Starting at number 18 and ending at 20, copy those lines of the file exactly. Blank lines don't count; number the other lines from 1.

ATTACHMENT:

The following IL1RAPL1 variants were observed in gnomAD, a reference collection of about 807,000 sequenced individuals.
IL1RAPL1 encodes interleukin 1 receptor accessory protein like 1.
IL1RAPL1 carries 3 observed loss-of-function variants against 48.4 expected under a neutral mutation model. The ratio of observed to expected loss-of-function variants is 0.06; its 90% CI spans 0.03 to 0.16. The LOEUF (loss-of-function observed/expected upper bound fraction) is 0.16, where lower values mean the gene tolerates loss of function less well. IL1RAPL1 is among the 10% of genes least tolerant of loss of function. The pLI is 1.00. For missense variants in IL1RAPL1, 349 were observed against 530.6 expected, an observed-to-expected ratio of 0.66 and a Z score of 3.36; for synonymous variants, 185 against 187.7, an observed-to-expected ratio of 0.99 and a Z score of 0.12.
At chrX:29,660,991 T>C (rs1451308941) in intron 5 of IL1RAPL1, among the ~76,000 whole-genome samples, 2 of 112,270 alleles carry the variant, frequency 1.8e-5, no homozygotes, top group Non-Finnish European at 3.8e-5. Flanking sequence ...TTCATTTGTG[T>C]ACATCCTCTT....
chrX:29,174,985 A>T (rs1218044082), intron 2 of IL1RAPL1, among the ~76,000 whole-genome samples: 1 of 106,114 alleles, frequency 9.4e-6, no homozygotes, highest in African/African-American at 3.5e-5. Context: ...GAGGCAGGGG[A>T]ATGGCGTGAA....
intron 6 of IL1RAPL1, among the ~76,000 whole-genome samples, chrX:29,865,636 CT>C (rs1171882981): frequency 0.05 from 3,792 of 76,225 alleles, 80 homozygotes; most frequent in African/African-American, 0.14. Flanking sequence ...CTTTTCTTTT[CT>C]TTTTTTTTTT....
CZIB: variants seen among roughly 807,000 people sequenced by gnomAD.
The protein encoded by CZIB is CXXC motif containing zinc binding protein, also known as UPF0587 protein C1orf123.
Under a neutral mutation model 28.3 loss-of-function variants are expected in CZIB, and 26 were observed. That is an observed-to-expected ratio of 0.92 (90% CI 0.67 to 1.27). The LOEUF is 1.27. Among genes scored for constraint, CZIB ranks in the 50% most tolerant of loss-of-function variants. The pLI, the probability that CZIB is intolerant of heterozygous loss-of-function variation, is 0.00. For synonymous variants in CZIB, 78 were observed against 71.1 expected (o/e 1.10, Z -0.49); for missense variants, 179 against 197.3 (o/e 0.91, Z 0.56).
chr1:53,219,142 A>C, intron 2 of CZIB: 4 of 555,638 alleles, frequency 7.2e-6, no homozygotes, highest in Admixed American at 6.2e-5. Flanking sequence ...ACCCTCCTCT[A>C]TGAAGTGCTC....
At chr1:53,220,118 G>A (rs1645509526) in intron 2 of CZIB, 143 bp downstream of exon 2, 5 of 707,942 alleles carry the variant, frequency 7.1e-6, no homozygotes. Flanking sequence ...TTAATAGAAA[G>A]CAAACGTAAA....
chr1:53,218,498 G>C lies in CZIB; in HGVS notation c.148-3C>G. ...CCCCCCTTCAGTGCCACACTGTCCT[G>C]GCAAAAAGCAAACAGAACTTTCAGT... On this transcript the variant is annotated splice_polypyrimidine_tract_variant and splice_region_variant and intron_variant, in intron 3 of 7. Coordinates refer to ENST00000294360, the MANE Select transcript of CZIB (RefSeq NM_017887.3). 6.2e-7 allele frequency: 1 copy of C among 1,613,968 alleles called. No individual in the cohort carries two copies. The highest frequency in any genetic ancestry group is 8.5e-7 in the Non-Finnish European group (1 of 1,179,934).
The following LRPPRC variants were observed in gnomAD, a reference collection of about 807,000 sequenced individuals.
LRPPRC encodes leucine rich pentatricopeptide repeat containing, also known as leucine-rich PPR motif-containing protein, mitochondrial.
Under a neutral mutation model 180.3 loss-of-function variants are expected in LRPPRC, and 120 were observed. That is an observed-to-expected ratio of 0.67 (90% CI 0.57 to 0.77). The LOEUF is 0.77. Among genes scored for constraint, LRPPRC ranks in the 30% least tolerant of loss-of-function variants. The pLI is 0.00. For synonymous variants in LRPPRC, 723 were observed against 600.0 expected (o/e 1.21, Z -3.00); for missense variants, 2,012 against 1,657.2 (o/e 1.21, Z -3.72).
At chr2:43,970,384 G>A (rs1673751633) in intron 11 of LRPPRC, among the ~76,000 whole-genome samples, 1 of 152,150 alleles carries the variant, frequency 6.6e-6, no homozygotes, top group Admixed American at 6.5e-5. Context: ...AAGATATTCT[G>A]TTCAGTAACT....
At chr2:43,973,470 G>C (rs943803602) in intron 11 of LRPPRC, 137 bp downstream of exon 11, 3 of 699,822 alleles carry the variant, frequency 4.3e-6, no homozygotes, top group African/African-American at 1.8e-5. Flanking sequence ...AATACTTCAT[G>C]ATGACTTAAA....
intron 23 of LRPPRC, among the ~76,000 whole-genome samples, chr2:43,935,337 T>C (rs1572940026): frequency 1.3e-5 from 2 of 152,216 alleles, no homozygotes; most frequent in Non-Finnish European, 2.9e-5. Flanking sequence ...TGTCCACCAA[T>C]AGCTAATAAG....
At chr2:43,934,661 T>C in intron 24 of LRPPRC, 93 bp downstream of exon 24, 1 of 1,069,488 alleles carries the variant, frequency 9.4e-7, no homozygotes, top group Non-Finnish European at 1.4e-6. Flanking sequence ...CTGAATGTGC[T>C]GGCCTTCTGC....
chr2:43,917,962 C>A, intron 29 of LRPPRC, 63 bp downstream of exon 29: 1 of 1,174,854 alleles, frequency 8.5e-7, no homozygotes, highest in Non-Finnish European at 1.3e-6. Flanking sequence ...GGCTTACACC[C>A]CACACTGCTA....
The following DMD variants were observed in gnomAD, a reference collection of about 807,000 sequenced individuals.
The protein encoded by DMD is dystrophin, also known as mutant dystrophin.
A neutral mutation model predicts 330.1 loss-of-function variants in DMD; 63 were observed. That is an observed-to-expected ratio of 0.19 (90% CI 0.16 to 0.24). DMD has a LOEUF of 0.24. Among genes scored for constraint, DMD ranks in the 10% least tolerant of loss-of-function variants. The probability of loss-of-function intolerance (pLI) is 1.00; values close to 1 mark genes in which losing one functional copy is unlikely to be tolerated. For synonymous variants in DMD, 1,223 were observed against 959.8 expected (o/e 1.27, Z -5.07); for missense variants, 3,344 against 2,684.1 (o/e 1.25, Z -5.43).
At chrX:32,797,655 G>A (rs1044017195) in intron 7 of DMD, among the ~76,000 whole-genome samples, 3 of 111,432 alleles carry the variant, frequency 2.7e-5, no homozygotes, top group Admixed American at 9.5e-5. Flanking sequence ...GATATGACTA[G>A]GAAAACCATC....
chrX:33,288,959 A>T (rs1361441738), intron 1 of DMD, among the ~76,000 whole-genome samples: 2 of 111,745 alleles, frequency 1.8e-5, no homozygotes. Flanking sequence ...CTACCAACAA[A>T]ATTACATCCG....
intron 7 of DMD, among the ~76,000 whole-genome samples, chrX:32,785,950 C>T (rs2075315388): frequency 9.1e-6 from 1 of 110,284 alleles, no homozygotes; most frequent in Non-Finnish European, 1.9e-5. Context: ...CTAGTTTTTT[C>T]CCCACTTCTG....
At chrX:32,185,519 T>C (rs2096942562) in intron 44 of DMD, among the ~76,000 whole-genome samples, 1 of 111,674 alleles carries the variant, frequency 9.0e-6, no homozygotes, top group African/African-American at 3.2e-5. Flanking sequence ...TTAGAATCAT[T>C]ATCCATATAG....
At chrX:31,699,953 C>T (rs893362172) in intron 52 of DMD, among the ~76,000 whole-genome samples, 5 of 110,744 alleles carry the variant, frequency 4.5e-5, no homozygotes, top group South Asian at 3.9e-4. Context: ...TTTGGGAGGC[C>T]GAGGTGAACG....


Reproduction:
intron 23 of LRPPRC, among the ~76,000 whole-genome samples, chr2:43,935,337 T>C (rs1572940026): frequency 1.3e-5 from 2 of 152,216 alleles, no homozygotes; most frequent in Non-Finnish European, 2.9e-5. Flanking sequence ...TGTCCACCAA[T>C]AGCTAATAAG....
At chr2:43,934,661 T>C in intron 24 of LRPPRC, 93 bp downstream of exon 24, 1 of 1,069,488 alleles carries the variant, frequency 9.4e-7, no homozygotes, top group Non-Finnish European at 1.4e-6. Flanking sequence ...CTGAATGTGC[T>C]GGCCTTCTGC....
chr2:43,917,962 C>A, intron 29 of LRPPRC, 63 bp downstream of exon 29: 1 of 1,174,854 alleles, frequency 8.5e-7, no homozygotes, highest in Non-Finnish European at 1.3e-6. Flanking sequence ...GGCTTACACC[C>A]CACACTGCTA....